Small Plane Crashes Near Hebron High School

Three on board a small plane that crashed in Carrollton

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    NEWSLETTERS

    An investigation is underway after a plane crashes near Hebron High School.

    A small, single-engine airplane crashed near Hebron High School in Carrollton Monday morning, killing a man and injuring two people.

    The plane crashed at about 11:30 a.m. in a field adjacent to some railroad tracks shortly after departing the Addison airport.

    Carrollton police identified the man killed in the crash as Richard Goodrum, 47, of Flower Mound.

    One Dead in Carrollton Plane Crash

    [DFW] One Dead in Carrollton Plane Crash
    An investigation is underway after a plane crashes near Hebron High School.

    Leah Yeager, of the National Transportation and Safety Board, said the pilot reported engine trouble and asked to return to the airport.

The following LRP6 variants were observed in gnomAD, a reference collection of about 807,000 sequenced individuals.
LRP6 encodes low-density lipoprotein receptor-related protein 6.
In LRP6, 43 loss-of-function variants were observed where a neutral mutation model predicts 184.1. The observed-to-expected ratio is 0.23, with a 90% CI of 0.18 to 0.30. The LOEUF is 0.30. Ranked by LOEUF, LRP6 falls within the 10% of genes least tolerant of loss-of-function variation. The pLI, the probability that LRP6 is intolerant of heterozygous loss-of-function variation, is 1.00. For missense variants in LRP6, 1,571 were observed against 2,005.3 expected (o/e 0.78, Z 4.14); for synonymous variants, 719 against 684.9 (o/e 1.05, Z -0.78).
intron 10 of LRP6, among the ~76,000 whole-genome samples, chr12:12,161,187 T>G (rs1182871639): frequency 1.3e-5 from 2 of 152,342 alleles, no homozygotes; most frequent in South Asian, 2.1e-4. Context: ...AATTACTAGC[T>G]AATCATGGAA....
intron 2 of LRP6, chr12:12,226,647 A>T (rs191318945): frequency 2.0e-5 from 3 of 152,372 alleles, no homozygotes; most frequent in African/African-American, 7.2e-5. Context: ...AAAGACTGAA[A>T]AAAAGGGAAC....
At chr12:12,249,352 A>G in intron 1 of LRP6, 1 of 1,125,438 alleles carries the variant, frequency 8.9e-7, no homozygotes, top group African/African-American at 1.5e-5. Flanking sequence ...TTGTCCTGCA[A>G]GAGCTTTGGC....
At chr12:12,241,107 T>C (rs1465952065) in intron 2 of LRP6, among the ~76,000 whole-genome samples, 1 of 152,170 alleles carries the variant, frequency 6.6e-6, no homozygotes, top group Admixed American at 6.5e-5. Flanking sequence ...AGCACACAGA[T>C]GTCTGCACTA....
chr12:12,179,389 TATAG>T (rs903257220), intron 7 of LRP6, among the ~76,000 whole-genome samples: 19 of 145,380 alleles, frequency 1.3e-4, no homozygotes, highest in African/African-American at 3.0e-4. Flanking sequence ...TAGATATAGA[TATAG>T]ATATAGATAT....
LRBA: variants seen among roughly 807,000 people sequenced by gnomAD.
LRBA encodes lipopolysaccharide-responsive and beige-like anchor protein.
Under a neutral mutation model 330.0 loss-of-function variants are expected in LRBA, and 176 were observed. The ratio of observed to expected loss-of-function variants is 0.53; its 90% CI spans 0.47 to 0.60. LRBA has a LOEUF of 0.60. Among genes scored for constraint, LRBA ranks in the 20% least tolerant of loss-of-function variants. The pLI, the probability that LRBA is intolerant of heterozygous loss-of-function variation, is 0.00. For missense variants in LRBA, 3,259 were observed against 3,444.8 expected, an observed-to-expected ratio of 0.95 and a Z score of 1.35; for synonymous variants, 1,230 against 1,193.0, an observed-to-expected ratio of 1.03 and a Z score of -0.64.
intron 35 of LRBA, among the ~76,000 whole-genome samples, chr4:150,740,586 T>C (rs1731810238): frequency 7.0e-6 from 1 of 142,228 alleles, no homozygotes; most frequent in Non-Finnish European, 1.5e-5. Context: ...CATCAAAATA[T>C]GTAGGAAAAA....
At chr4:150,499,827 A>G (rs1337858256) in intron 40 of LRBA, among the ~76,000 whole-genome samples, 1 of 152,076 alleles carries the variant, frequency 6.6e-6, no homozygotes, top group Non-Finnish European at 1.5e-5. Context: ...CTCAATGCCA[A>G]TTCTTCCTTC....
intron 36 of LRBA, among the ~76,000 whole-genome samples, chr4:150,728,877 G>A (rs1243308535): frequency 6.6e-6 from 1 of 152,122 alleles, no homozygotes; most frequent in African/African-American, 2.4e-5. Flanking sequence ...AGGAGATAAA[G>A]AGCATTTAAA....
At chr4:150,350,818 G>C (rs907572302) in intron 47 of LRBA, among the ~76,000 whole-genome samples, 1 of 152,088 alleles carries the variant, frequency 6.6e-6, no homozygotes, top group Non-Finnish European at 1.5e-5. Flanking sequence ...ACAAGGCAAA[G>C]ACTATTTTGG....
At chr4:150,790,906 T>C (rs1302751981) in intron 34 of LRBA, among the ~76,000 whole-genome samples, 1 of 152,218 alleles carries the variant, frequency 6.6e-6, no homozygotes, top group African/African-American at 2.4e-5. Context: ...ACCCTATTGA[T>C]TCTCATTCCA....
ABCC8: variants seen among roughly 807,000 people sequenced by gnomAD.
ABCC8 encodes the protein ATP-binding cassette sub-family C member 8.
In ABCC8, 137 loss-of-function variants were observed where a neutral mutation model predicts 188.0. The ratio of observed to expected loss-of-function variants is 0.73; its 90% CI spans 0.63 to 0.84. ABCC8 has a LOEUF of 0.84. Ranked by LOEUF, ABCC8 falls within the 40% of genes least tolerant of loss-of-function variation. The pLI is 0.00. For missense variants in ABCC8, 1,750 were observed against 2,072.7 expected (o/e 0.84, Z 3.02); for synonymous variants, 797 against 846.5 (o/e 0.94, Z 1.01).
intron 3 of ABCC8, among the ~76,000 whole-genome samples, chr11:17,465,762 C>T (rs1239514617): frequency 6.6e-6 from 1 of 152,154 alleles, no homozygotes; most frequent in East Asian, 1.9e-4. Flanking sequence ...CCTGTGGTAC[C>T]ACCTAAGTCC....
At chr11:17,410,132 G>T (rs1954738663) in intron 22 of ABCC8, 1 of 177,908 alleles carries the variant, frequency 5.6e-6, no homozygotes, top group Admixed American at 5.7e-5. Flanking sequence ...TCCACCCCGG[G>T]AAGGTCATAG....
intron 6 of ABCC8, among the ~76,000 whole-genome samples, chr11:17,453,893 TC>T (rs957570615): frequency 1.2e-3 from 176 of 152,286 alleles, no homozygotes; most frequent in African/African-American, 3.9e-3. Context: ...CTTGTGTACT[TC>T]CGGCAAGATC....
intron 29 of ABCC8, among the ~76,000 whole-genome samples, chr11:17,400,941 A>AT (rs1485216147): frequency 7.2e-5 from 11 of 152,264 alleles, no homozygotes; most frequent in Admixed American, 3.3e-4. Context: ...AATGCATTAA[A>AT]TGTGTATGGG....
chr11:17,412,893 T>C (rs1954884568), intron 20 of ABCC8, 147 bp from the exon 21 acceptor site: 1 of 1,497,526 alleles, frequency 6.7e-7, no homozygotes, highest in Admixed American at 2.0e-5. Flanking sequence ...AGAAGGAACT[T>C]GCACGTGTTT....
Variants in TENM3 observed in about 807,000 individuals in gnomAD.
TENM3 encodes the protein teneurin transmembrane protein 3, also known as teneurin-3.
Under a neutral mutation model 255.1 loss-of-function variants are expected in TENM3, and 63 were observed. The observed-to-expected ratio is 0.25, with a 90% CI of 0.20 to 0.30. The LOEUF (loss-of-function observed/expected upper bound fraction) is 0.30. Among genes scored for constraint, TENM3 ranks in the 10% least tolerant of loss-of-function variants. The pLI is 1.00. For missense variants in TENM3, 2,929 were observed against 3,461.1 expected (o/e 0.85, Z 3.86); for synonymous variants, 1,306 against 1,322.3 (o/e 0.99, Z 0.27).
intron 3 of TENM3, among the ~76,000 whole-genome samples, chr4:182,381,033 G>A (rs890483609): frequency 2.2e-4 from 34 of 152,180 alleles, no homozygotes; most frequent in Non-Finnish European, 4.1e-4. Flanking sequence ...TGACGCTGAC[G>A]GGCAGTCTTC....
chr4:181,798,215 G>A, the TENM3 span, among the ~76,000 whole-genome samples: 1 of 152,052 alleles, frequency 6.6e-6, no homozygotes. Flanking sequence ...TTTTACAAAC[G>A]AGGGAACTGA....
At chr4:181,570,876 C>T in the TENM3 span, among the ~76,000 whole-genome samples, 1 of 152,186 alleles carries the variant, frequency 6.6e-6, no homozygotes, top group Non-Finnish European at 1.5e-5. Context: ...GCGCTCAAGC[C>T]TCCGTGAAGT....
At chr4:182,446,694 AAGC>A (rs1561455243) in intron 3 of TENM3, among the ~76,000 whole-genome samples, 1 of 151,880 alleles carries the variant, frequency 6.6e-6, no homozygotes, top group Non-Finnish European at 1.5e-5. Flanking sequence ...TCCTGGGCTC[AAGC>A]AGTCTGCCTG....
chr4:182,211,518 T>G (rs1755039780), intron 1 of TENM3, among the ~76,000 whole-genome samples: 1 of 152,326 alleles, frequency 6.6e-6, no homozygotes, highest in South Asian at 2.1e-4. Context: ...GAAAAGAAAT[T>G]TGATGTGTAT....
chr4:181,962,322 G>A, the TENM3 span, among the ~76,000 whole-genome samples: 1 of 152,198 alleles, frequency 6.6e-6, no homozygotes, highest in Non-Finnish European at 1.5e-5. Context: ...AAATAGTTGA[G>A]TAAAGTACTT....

On approach, the Cirrus SR22T crashed in a field.

    "He just reported that he was having engine problems," Yeager said. "According to one of the witnesses that we talked to, she mentioned that she heard it, the engine, basically, stopping, then revving back up, then stopping again and then just completely no power."

    Three people were on board the aircraft at the time of the crash. Goodrum, a passenger riding in the back seat of the aircraft, was killed. The pilot and the second passenger, who was in the front, survived.

    Both survivors were hospitalized, and their conditions are not known.

    Emerus, a company that owns and operates 24-hour emergency rooms in McKinney and Aubrey, released the following statement about the crash:

    "This morning, a plane carrying three of our employees crashed in the Dallas area. This is a tremendously difficult day for our company. Our thoughts and prayers are with the family members of those affected, and we ask that their privacy be respected." -- COO David Stillwell, Emerus

    The aircraft, which was built in 2010, was equipped with a parachute that would help it survive a crash. According to the NTSB, that parachute was not fully deployed at the time of impact.